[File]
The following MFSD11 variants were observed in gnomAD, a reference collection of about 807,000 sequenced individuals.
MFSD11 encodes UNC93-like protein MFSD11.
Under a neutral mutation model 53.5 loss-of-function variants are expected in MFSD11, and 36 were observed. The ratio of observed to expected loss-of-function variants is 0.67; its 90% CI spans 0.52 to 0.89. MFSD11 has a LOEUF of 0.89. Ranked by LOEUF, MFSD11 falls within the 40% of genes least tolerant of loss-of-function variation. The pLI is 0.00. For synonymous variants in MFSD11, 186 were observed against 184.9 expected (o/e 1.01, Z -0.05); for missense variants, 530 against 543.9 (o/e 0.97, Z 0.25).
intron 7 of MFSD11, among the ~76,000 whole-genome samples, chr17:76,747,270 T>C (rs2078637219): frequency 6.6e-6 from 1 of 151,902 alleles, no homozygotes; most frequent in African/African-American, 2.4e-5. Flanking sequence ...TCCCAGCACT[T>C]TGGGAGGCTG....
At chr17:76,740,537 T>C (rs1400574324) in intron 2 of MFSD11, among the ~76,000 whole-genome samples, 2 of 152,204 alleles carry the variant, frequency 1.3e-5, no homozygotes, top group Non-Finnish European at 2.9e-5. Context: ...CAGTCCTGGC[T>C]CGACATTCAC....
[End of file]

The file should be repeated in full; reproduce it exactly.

The following MFSD11 variants were observed in gnomAD, a reference collection of about 807,000 sequenced individuals.
MFSD11 encodes UNC93-like protein MFSD11.
Under a neutral mutation model 53.5 loss-of-function variants are expected in MFSD11, and 36 were observed. The ratio of observed to expected loss-of-function variants is 0.67; its 90% CI spans 0.52 to 0.89. MFSD11 has a LOEUF of 0.89. Ranked by LOEUF, MFSD11 falls within the 40% of genes least tolerant of loss-of-function variation. The pLI is 0.00. For synonymous variants in MFSD11, 186 were observed against 184.9 expected (o/e 1.01, Z -0.05); for missense variants, 530 against 543.9 (o/e 0.97, Z 0.25).
intron 7 of MFSD11, among the ~76,000 whole-genome samples, chr17:76,747,270 T>C (rs2078637219): frequency 6.6e-6 from 1 of 151,902 alleles, no homozygotes; most frequent in African/African-American, 2.4e-5. Flanking sequence ...TCCCAGCACT[T>C]TGGGAGGCTG....
At chr17:76,740,537 T>C (rs1400574324) in intron 2 of MFSD11, among the ~76,000 whole-genome samples, 2 of 152,204 alleles carry the variant, frequency 1.3e-5, no homozygotes, top group Non-Finnish European at 2.9e-5. Context: ...CAGTCCTGGC[T>C]CGACATTCAC....